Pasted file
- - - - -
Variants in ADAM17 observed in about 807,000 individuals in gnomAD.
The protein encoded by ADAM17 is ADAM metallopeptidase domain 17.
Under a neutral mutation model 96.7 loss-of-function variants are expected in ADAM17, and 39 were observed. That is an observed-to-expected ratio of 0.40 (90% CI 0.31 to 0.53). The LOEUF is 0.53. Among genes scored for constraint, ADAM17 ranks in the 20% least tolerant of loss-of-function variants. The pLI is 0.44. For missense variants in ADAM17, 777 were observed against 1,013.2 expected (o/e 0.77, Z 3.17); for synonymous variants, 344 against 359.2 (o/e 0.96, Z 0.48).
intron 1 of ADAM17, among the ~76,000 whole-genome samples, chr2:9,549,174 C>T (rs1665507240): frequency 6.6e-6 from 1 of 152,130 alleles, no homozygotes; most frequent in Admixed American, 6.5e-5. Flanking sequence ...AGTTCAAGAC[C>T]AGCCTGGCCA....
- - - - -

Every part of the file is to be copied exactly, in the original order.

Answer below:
Variants in ADAM17 observed in about 807,000 individuals in gnomAD.
The protein encoded by ADAM17 is ADAM metallopeptidase domain 17.
Under a neutral mutation model 96.7 loss-of-function variants are expected in ADAM17, and 39 were observed. That is an observed-to-expected ratio of 0.40 (90% CI 0.31 to 0.53). The LOEUF is 0.53. Among genes scored for constraint, ADAM17 ranks in the 20% least tolerant of loss-of-function variants. The pLI is 0.44. For missense variants in ADAM17, 777 were observed against 1,013.2 expected (o/e 0.77, Z 3.17); for synonymous variants, 344 against 359.2 (o/e 0.96, Z 0.48).
intron 1 of ADAM17, among the ~76,000 whole-genome samples, chr2:9,549,174 C>T (rs1665507240): frequency 6.6e-6 from 1 of 152,130 alleles, no homozygotes; most frequent in Admixed American, 6.5e-5. Flanking sequence ...AGTTCAAGAC[C>T]AGCCTGGCCA....